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Pindar (or Pindarus / Pindaros) (522 BC443 BC), considered the greatest of the nine lyric poets of ancient Greece, was born at Cynoscephalae, a village in Thebes. He was the son of Daiphantus and Cleodice. The traditions of his family have left their impression on his poetry, and are not without importance for a correct estimate of his relation to his contemporaries. While his father belonged to the 'aristocracy', his mother is said to have been a member of the 'rightless' class or maybe even a slave. Together with the fact that his relation with a woman from the aristocracy ended abruptly, this would remain a source of inspiration for Pindar. He felt looked down upon. He got his 'revenge' through his poetry. It is even said that the same girl and his father committed suicide after reading his work.

But nevertheless, through his father, he truly belonged to the aristocracy, and from a very early age on, he became familiar with all the intimacies of the aristocratic ranks and titles. This is something to keep in mind when studying Pindar's work. The clan of his father, the Aegidae – tracing their line from the hero Aegeus – belonged to the Cadmean element of Thebes, i.e., to the elder nobility whose supposed date went back to the days of the founder Cadmus.

Employing himself by writing choral works in praise of notable personages, events and princes, his house in Thebes was spared by Alexander the Great in recognition of the complimentary works composed for king Alexander I of Macedon.

Pindar composed choral songs of several types. According to a Late Antique biographer, these works were grouped into seventeen books by scholars at the Library of Alexandria. They were, by genre:

  • 1 book of humnoi "hymns"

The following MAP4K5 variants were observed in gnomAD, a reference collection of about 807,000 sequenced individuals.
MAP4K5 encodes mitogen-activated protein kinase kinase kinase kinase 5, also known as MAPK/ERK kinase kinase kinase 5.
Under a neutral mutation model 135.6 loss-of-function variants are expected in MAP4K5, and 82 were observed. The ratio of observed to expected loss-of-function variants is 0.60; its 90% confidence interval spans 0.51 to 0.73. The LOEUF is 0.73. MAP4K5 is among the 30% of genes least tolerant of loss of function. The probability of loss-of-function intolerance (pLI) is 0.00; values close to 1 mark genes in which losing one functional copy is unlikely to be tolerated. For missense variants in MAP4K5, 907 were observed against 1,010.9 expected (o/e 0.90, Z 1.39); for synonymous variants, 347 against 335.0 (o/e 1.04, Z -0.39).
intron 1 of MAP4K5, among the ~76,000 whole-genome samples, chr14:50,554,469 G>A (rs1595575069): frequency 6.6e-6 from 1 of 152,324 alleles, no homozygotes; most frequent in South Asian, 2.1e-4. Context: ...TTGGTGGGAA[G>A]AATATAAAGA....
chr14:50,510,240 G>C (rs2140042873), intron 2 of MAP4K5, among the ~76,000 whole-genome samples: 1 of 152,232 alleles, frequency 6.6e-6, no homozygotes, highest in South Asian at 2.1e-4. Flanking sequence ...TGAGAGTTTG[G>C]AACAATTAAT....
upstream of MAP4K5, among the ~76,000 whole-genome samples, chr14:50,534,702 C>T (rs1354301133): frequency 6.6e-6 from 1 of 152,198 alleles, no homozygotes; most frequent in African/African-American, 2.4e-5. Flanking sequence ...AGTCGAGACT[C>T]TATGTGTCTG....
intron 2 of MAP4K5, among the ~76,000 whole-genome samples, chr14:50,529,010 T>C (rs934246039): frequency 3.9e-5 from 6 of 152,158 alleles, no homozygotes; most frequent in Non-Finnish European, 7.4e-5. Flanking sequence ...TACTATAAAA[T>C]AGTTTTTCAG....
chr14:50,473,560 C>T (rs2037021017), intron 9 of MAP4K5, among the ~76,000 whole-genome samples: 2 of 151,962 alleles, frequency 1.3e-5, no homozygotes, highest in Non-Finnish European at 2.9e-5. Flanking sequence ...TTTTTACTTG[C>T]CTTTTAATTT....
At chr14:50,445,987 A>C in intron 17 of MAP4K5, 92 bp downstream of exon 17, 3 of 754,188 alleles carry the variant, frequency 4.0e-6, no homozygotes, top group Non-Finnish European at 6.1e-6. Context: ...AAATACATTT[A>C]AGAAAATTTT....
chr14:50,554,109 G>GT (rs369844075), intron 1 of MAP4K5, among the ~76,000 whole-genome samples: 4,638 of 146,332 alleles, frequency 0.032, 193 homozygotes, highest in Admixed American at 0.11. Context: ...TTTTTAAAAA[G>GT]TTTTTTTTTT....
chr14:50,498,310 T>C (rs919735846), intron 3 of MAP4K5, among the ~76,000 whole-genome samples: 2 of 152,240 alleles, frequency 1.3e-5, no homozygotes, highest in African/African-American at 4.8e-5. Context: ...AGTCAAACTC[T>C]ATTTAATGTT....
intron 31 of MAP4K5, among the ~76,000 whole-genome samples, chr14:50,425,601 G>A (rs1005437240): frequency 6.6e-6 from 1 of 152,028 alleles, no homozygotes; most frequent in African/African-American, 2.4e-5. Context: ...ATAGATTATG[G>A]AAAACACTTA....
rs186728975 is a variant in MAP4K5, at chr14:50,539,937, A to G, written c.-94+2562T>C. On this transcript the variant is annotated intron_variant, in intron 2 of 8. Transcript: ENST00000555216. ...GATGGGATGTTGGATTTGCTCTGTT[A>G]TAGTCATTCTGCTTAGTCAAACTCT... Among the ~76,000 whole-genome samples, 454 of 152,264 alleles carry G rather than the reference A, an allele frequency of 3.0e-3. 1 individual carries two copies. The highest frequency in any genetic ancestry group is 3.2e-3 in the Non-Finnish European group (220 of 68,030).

• 1 book of paianes "paeans"
  • 2 books of dithuramboi "dithyrhambs"
  • 1 book of prosodia "preludes"
  • 3 books of parthenia "songs for maidens"
  • 1 book of huporchemata "songs to support dancing"
  • 1 book of enkomia "praise-songs"
  • 1 book of threnoi "laments"
  • 4 books of epinikia "victory odes"

Of this vast and varied corpus, only the victory odes survive in complete form. The rest are known to us only by quotations in other ancient authors or papyrus scraps unearthed in Egypt.

Pindar's victory odes were composed for aristocratic victors in the four most prominent athletic festivals in early Classical Greece: the Olympian, Pythian, Isthmian and Nemean Games. Rich and allusive in style, they are packed with dense parallels between the athletic victor, his illustrious ancestors, and the myths of gods and heroes underlying the athletic festival. But "Pindar's power does not lie in the pedigrees of ... athletes, ... or the misbehavior of minor deities. It lies in a splendour of phrase and imagery that suggests the gold and purple of a sunset sky."[1] Two of Pindar's most famous victory odes are Olympian 1 (476 BC) and Pythian 1 (433 BC).

Pindar is to be conceived, then, as standing within the circle of those families for whom the heroic myths were domestic records. He had a personal link with the memories which everywhere were most cherished by Dorians, no less than with those which appealed to men of "Cadmean" or of Achaean stock. And the wide ramifications of the Aegidae throughout Hellas rendered it peculiarly fitting that a member of that illustrious clan should celebrate the glories of many cities in verse which was truly Panhellenic.

Pindar is said to have received lessons in aulos-playing from one Scopelinus at Thebes, and afterwards to have studied at Athens under the musicians Apollodorus (or Agathocles) and Lasus of Hermione. Several passages in Pindar's extant odes glance at the long technical development of Greek lyric poetry before his time, and at the various elements of art which the lyricist was required to temper into a harmonious whole. The facts that stand out from these meagre traditions are that Pindar was precocious and laborious. Preparatory labour of a somewhat severe and complex kind was, indeed, indispensable for the Greek lyric poet of that age.

Pindar's wife's name was Megacleia, and he had a son named Daiphantus and two daughters, Eumetis and Protomache. He is said to have died at Argos, at the age of seventy-nine, in 443 BC.


  • [1]:Lucas, F. L. "Greek Poetry for Everyman", p.262, Macmillan Company, New York

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